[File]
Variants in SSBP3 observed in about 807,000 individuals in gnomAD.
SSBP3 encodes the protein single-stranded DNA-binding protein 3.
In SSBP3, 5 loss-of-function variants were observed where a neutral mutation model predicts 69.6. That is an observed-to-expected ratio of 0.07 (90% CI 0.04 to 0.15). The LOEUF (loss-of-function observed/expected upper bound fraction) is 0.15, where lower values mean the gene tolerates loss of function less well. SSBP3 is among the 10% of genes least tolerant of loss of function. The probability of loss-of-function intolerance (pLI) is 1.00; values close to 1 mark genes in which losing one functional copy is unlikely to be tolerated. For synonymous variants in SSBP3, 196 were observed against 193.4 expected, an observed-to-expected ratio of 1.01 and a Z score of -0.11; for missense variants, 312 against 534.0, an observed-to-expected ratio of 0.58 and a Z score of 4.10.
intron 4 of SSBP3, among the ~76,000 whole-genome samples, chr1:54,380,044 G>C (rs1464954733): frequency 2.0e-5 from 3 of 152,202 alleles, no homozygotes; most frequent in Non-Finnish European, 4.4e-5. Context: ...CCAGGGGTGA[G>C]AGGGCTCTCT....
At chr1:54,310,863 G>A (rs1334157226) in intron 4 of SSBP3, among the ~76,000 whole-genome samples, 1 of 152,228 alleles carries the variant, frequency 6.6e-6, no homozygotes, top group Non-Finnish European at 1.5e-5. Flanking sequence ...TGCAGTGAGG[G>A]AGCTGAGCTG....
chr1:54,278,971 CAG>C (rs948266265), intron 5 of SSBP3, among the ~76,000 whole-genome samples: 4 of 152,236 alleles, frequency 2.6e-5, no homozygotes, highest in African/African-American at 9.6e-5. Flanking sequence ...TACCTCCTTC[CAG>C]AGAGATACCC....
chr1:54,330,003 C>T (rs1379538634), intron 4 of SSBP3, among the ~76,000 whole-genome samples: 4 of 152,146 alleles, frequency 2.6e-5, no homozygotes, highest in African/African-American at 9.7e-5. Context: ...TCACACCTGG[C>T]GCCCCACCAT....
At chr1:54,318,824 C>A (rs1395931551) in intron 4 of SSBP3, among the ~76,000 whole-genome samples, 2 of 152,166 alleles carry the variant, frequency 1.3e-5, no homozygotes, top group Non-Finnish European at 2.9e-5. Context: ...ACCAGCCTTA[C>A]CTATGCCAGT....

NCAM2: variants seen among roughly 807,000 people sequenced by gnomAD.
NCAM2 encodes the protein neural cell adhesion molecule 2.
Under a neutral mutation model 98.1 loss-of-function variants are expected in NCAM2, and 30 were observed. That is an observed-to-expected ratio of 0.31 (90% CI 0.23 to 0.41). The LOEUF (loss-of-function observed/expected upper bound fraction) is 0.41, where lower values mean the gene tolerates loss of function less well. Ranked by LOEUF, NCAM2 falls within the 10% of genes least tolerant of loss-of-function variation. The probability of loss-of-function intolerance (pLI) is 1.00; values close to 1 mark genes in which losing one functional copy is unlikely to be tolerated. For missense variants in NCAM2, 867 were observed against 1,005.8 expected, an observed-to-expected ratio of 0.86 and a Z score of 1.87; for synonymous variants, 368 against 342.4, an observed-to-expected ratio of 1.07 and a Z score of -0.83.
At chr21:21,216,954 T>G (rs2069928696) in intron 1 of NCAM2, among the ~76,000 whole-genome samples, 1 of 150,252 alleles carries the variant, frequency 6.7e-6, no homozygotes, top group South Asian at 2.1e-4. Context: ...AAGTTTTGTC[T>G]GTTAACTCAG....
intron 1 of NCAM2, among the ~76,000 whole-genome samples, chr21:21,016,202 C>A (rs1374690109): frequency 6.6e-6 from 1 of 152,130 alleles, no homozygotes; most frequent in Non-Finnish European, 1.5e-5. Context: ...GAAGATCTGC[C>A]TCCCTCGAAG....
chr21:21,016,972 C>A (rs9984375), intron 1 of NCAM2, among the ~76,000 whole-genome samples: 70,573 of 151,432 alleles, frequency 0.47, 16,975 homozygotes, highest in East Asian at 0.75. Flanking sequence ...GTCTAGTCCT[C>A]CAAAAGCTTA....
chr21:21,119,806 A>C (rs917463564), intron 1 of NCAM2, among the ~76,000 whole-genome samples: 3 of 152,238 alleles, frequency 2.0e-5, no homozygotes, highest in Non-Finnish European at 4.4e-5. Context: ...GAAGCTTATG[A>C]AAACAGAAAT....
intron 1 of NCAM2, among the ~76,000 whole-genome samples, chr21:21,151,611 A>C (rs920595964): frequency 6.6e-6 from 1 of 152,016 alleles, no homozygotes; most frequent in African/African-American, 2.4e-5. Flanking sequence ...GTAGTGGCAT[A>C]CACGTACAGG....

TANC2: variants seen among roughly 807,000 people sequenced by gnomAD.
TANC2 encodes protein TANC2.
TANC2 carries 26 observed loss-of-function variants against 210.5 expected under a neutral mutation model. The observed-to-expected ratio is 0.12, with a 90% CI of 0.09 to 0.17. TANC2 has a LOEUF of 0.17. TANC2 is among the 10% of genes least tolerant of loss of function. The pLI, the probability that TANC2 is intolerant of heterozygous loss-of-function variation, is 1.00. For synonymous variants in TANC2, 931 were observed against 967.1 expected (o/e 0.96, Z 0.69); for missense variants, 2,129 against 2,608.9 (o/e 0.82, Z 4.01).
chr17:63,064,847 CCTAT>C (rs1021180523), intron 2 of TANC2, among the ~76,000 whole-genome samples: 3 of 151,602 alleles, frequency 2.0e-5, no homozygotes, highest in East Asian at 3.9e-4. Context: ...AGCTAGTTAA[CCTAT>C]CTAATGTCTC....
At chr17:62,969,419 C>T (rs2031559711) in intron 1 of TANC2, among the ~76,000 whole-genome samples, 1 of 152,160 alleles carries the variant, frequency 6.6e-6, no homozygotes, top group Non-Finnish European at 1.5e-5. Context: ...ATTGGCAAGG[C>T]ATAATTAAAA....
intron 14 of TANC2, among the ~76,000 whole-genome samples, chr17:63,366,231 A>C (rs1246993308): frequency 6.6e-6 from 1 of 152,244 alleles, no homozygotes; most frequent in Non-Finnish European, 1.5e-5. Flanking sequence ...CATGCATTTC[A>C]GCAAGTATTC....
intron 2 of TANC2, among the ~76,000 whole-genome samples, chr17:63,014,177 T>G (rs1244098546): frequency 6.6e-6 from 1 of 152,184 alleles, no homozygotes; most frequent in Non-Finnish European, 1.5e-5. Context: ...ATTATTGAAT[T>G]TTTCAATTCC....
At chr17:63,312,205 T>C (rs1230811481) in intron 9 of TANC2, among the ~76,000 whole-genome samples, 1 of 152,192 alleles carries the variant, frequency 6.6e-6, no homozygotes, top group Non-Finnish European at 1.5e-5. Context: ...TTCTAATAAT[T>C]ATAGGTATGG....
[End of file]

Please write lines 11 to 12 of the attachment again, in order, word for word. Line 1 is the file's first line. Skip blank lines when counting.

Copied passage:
Under a neutral mutation model 98.1 loss-of-function variants are expected in NCAM2, and 30 were observed. That is an observed-to-expected ratio of 0.31 (90% CI 0.23 to 0.41). The LOEUF (loss-of-function observed/expected upper bound fraction) is 0.41, where lower values mean the gene tolerates loss of function less well. Ranked by LOEUF, NCAM2 falls within the 10% of genes least tolerant of loss-of-function variation. The probability of loss-of-function intolerance (pLI) is 1.00; values close to 1 mark genes in which losing one functional copy is unlikely to be tolerated. For missense variants in NCAM2, 867 were observed against 1,005.8 expected, an observed-to-expected ratio of 0.86 and a Z score of 1.87; for synonymous variants, 368 against 342.4, an observed-to-expected ratio of 1.07 and a Z score of -0.83.
At chr21:21,216,954 T>G (rs2069928696) in intron 1 of NCAM2, among the ~76,000 whole-genome samples, 1 of 150,252 alleles carries the variant, frequency 6.7e-6, no homozygotes, top group South Asian at 2.1e-4. Context: ...AAGTTTTGTC[T>G]GTTAACTCAG....